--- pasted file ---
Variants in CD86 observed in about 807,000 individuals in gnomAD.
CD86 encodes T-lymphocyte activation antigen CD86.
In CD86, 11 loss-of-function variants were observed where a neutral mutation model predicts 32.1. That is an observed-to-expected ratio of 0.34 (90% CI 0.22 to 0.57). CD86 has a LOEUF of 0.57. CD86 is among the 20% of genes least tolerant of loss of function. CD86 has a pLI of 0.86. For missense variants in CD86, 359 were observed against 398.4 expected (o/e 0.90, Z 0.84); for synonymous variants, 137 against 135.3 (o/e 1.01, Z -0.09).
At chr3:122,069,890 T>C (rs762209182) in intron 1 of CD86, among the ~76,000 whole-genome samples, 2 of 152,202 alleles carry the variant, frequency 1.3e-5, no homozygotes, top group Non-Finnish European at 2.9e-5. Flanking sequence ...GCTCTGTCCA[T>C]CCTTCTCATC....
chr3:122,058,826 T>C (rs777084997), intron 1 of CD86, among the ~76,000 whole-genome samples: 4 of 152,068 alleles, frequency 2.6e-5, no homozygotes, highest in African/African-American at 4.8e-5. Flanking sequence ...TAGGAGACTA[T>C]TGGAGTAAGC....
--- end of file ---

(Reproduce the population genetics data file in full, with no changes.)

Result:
Variants in CD86 observed in about 807,000 individuals in gnomAD.
CD86 encodes T-lymphocyte activation antigen CD86.
In CD86, 11 loss-of-function variants were observed where a neutral mutation model predicts 32.1. That is an observed-to-expected ratio of 0.34 (90% CI 0.22 to 0.57). CD86 has a LOEUF of 0.57. CD86 is among the 20% of genes least tolerant of loss of function. CD86 has a pLI of 0.86. For missense variants in CD86, 359 were observed against 398.4 expected (o/e 0.90, Z 0.84); for synonymous variants, 137 against 135.3 (o/e 1.01, Z -0.09).
At chr3:122,069,890 T>C (rs762209182) in intron 1 of CD86, among the ~76,000 whole-genome samples, 2 of 152,202 alleles carry the variant, frequency 1.3e-5, no homozygotes, top group Non-Finnish European at 2.9e-5. Flanking sequence ...GCTCTGTCCA[T>C]CCTTCTCATC....
chr3:122,058,826 T>C (rs777084997), intron 1 of CD86, among the ~76,000 whole-genome samples: 4 of 152,068 alleles, frequency 2.6e-5, no homozygotes, highest in African/African-American at 4.8e-5. Flanking sequence ...TAGGAGACTA[T>C]TGGAGTAAGC....